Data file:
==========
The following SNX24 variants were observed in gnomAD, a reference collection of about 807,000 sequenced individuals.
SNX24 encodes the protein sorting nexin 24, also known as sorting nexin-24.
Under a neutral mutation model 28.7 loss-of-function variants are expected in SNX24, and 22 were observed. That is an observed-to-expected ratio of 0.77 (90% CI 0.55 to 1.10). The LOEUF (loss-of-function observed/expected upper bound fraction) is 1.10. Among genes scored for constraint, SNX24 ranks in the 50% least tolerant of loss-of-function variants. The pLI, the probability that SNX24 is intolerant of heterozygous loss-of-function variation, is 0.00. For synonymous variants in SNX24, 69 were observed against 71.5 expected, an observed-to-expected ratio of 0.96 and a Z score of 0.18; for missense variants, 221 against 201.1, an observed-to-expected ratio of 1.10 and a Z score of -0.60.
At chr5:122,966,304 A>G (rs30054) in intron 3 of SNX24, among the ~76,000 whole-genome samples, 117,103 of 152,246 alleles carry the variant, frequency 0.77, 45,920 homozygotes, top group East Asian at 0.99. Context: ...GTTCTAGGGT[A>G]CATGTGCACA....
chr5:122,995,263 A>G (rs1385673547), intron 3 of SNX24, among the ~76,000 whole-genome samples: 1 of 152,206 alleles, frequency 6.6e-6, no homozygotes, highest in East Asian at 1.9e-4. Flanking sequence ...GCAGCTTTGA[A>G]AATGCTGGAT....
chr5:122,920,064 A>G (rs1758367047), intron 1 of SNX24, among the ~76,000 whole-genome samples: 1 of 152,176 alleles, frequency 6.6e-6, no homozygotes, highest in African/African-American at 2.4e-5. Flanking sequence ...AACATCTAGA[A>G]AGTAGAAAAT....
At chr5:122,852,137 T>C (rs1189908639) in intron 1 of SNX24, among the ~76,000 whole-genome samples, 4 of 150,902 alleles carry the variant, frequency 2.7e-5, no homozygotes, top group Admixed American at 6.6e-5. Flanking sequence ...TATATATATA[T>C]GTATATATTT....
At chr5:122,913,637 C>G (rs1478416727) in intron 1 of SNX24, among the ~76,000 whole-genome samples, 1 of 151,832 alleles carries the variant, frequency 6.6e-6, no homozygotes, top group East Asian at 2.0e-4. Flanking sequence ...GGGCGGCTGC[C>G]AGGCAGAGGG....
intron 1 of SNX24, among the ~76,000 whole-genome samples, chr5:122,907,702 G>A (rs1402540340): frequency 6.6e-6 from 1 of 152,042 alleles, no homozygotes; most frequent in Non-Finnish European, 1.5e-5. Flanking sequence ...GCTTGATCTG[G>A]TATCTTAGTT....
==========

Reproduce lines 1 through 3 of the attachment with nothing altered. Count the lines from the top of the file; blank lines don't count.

The following SNX24 variants were observed in gnomAD, a reference collection of about 807,000 sequenced individuals.
SNX24 encodes the protein sorting nexin 24, also known as sorting nexin-24.
Under a neutral mutation model 28.7 loss-of-function variants are expected in SNX24, and 22 were observed. That is an observed-to-expected ratio of 0.77 (90% CI 0.55 to 1.10). The LOEUF (loss-of-function observed/expected upper bound fraction) is 1.10. Among genes scored for constraint, SNX24 ranks in the 50% least tolerant of loss-of-function variants. The pLI, the probability that SNX24 is intolerant of heterozygous loss-of-function variation, is 0.00. For synonymous variants in SNX24, 69 were observed against 71.5 expected, an observed-to-expected ratio of 0.96 and a Z score of 0.18; for missense variants, 221 against 201.1, an observed-to-expected ratio of 1.10 and a Z score of -0.60.